Introduction to rainwater harvesting
The average person in the UK uses 150 litres of water every day, and this puts a strain on supply as well as on fish, wetland birds and other wildlife that rely on ponds, rivers and streams.
The water we get through the mains system is cleaned to drinking standard, a process which has significant associated carbon emissions. However, only about half of the water we use needs to be cleaned to this standard. Rainwater can be used for:
- Toilet flushing
- Clothes washing machines
- Watering the garden
- Washing the car and other outside uses.
How does rainwater harvesting work?
Rainwater harvesting can be as simple as attaching a water butt to the down pipe from your gutters, and using the water you collect to water the garden on wash the car. At the other end of the scale, it can be a pumped system that uses rainwater for toilet flushing and clothes washing, as well as outdoor uses.
The principle is simple. Water from your roof is channelled via your drain pipes to a storage tank. If you want to use it in your home the water will pass through a filter. More sophisticated installations need a control system to monitor water levels and work the pump.
A system that feeds the home will need mains back up that cuts in automatically when the storage tank runs dry. The plumbing from the system must be kept separate from the mains system and labelled. The storage tank can be at ground level, but it is preferable to bury it, both because it looks better, and to protect it against frost.
Is rainwater harvesting suitable for my home?
Rainwater harvesting systems are most suitable to be fitted when a house is built, or when you are doing significant renovation, as they will need changes to the plumbing system and considerable digging in the garden to bury the tank.
Whether itâ€™s suitable for you will depend on the size of your roof, and how much water you use. It will not be suitable if you have asbestos or other toxic materials on your roof.
On average, half of most households water use can be supplied from rainwater. Most domestic roofs are too small to provide this much water (however big the storage tank), so to find out whether itâ€™s suitable for you itâ€™s worth doing some simple calculations.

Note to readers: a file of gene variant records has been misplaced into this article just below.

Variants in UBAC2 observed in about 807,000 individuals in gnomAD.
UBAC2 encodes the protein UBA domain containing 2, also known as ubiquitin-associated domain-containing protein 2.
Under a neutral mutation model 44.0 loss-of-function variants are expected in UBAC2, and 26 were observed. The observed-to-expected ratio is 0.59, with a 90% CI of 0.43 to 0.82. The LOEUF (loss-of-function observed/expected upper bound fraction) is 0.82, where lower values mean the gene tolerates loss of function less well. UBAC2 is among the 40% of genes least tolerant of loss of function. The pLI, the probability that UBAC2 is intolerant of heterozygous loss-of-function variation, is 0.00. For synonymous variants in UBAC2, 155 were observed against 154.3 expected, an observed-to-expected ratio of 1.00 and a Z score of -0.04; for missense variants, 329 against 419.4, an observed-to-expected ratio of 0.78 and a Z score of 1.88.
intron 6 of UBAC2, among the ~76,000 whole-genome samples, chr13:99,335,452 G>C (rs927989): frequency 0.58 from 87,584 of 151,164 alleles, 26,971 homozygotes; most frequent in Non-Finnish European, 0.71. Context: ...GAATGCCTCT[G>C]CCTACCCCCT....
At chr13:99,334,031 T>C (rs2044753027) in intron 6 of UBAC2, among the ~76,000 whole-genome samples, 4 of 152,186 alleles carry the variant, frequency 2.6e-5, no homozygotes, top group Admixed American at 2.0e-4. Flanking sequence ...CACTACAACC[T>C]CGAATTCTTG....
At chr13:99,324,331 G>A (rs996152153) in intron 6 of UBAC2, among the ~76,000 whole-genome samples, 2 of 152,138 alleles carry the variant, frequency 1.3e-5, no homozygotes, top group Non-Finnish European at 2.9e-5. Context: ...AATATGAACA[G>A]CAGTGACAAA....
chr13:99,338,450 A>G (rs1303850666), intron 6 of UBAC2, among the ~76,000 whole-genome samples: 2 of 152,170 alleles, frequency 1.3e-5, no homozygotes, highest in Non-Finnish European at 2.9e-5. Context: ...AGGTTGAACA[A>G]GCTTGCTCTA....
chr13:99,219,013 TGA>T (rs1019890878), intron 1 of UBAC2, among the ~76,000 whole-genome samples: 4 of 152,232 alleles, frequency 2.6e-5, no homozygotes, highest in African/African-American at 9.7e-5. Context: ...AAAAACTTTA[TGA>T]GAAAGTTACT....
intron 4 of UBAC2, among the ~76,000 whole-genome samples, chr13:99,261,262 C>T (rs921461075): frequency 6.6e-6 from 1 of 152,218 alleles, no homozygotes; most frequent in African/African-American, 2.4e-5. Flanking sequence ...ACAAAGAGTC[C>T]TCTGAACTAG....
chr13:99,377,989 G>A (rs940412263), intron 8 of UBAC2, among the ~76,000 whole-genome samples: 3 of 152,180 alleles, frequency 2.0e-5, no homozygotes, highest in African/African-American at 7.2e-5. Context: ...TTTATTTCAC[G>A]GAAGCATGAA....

First use this simple formula to work out how much you might get per year from a rainwater system:
Roof area (m2) x drainage area x filter efficiency x annual rainfall (mm) = Amount you can collect in a year in litres (divide by 1,000 to get cubic metres)
Drainage varies from 0.9 on a steep pitched roof, to 0.4 on a flat roof with gravel. More detail is available from the Environment Agency.
Filter efficiency is generally estimated at 0.9 Annual rainfall averages are available from the Met Office.
People with a water meter will find it easy to work out what their annual water use is, and divide it by two, and see how it compares with potential yield. For those who donâ€™t, the Consumer Council for Water provides a table of average household water use.
If you want to use most of the water from a rainwater harvesting system for watering your garden, and you live somewhere subject to hose pipe bans, you are better off getting a garden only system. Ones that also serve the house have to be connected to the mains, and so cannot be used during a hosepipe ban.
What size of rainwater harvesting system do I need?
Generally the tank is sized to hold 18 â€“ 20 days worth of water, or 5 per cent of the amount you can collect in a year, which ever is smaller. To work out the optimum tank size multiply your yield figure (from the above formula) by 0.05.
Maintenance tends to be minimal â€“ usually just rinsing the filter quarterly.
How much will rainwater harvesting system cost?
A good quality domestic system should cost between Â£2,000 and Â£3,000 according to the UK Rainwater Harvesting Association. In addition, the cost of running the pump is likely to cost around 5 â€“ 10p a week
For most homes it is more cost effective to reduce your water use than to collect rainwater. This will also reduce your energy use, and your associated carbon emissions. A rainwater harvesting system is unlikely to be cost effective unless you are on a water meter. The Rainwater Harvesting Association estimates that it will take between 10 and 15 years to pay back your investment.
Rainwater harvesting systems may increase your electricity use. For homes with gardens that need a lot of watering water butts or a simple grey water diversion system can save considerable quantities of water, and cost much less than a full rainwater harvesting system.
Top water saving tips include:
- Getting a low flush toilet or putting a â€˜hippoâ€™ (or one litre drinks bottle filled with water) into your cistern
- Turn off the tap when brushing your teeth
- Only run your washing machine or dishwasher when thereâ€™s a full load, and use the economy setting
- Mend dripping taps
- Put the plug in (or use a bowl) when washing hands, veg, or doing the washing up
For more information on rainwater harvesting:
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